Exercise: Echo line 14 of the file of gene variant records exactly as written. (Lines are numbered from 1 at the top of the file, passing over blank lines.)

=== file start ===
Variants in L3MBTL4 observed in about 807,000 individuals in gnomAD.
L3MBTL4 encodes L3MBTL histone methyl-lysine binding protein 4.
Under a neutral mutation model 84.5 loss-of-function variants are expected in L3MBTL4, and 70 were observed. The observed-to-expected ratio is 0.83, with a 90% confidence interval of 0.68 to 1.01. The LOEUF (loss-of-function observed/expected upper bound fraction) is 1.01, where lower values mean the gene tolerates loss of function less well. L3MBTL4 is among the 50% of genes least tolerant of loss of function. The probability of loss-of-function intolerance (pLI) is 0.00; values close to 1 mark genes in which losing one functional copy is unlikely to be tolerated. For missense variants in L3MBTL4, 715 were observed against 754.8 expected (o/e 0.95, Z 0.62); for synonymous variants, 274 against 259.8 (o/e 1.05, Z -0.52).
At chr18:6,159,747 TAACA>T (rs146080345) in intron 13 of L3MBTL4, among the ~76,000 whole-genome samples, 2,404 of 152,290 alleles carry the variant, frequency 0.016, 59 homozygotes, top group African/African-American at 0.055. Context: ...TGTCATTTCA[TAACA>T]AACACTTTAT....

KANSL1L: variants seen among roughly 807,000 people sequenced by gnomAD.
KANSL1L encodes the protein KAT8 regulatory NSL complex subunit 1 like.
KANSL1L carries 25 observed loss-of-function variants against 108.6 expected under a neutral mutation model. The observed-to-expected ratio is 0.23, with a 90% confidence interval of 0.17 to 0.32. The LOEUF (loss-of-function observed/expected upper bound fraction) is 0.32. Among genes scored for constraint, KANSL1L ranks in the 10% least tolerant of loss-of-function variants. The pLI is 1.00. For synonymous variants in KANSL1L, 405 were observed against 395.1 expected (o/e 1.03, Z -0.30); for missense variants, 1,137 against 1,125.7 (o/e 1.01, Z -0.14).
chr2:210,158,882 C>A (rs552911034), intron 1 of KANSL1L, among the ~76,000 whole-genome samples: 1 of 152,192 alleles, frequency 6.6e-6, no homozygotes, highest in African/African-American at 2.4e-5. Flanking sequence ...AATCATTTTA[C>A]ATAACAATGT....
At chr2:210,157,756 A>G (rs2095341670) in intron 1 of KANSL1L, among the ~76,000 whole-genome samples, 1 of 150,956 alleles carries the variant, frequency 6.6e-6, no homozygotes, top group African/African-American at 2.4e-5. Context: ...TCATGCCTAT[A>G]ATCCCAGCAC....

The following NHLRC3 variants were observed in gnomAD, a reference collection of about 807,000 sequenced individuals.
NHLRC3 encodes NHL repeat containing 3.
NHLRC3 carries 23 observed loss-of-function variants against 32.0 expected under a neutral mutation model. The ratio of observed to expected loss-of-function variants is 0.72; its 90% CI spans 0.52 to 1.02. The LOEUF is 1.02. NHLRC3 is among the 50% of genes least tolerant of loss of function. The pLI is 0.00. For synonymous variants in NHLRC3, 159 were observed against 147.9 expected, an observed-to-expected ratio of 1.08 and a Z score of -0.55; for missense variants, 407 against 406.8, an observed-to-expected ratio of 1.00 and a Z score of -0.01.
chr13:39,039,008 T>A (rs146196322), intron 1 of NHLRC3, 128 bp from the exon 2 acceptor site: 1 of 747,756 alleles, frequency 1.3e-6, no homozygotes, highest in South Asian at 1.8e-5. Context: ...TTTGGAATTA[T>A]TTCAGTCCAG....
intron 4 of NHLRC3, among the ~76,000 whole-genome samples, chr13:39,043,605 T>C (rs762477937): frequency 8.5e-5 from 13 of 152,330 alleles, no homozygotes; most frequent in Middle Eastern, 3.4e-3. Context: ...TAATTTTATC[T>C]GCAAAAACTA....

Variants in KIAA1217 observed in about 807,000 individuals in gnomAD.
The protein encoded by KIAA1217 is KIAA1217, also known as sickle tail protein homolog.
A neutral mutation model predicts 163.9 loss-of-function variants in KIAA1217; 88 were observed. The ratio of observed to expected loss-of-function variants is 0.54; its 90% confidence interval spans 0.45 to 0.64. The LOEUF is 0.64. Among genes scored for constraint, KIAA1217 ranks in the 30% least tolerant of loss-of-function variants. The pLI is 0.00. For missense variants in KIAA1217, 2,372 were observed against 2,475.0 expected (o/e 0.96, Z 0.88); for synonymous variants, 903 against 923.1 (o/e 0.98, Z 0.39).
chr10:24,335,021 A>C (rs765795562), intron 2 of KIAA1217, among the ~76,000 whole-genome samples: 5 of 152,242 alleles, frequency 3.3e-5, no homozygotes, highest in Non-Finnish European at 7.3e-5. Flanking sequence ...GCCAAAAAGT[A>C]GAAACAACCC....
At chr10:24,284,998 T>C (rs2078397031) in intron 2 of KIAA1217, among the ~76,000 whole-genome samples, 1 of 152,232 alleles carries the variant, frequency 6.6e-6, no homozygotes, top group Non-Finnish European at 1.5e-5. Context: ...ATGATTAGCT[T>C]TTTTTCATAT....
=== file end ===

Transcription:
intron 4 of NHLRC3, among the ~76,000 whole-genome samples, chr13:39,043,605 T>C (rs762477937): frequency 8.5e-5 from 13 of 152,330 alleles, no homozygotes; most frequent in Middle Eastern, 3.4e-3. Context: ...TAATTTTATC[T>C]GCAAAAACTA....